International trade is beneficial as it increases real wages. This idea is based on the benefits of trading based on comparative advantage. But payments in international trade are based on two different currecies. A person in USA has to pay a British seller pounds to buy goods. It means a US person has to first buy pounds using his dollars. The number of dollars a US citizen has to pay for each pound is the exchange rate for pound expressed in terms of dollar.
On 24.12.2012, one pound requires 1.62 dollars. Any US person who wants pounds has to buy pounds at this exchange rate.
How are there rates (exchange rates) determined?
For foreign exchange also there are markets like there are markets for various commodities. The markets operate on the basis of demand and supply for a currency. The demand for British pounds with respect to dollars come from the people who want to buy British goods, services and assets. Supply of pounds come from British people who want to buy US goods, services and assets. The equilibrium price for the currency is at the intersection of these two curves at any point in time.
Changes in Demand curve
The demand for British pounds from US citizens can change due to various reasons. Like, if there is better substitute produced locally in US itself, the demand for British item may go down and consequently, the demand for British pound will go down. The demand curve will shift to the left and exchange rate for Pound will go down.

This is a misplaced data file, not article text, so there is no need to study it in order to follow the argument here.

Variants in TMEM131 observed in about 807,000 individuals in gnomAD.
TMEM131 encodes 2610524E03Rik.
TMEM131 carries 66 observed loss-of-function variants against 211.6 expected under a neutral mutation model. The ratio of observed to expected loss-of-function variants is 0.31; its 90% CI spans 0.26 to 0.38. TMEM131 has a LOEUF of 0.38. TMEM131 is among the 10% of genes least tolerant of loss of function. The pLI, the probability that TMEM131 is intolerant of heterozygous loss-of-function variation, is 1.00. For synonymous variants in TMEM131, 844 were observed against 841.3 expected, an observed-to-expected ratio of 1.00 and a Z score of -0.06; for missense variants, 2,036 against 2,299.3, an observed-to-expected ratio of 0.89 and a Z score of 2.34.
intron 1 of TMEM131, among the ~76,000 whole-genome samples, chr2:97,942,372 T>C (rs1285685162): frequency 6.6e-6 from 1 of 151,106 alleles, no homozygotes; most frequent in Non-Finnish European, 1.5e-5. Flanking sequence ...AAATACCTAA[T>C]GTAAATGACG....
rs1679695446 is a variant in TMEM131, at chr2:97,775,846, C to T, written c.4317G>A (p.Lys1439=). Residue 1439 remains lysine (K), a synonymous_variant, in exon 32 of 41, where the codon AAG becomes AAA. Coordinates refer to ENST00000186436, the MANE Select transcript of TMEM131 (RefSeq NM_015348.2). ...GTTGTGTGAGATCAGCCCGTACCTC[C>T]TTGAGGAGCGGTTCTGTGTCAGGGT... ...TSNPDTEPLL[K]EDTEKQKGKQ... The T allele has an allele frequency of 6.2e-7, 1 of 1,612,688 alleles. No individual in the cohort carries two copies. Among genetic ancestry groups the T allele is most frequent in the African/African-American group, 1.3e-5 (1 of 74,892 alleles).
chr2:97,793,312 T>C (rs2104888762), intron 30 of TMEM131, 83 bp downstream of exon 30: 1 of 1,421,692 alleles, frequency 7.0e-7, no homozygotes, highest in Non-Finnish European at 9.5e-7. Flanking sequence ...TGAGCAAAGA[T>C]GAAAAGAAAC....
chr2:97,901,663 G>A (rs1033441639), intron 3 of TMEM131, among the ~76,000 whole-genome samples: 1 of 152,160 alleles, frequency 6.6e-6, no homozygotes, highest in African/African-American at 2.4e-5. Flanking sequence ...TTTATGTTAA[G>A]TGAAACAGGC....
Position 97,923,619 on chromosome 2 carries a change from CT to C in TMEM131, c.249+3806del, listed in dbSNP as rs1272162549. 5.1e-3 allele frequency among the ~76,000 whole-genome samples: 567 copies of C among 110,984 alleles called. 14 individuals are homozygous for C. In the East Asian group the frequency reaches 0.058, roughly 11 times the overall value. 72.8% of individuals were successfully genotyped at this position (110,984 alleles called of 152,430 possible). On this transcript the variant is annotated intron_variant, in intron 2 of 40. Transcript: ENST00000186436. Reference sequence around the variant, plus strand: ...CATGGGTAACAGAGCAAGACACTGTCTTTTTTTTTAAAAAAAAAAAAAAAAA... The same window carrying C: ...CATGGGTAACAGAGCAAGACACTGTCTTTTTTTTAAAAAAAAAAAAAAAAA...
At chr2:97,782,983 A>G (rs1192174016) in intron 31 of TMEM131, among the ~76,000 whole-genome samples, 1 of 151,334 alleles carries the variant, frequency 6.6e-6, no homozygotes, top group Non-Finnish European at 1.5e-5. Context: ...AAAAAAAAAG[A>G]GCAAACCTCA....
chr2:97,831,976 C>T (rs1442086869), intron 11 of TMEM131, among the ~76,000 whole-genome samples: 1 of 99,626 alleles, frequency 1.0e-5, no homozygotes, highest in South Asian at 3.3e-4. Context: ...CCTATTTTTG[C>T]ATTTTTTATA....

The balance of supply and demand for foreign exchange determines the foreign exchange rate of a currency. It can fluctuate day by day and period by period.
When a country's foreign exchange rate has declined relative to that of another country, we say that the domestic currency has depreciated while the foreign currency has appreciated.
Government try to regulate exchange rates. When a country's official exchange rate (or policy rate) is lowered we say that the currency has undergone a devaluation.
Three major exchange rate systems are the gold standard, pure floating exchanged rates and managed floating exchange rates.
Paul Samuelson and William D. Nordhaus, Economics, 13th Edition, McGraw-Hill, 1989
UC Berkeley Lecture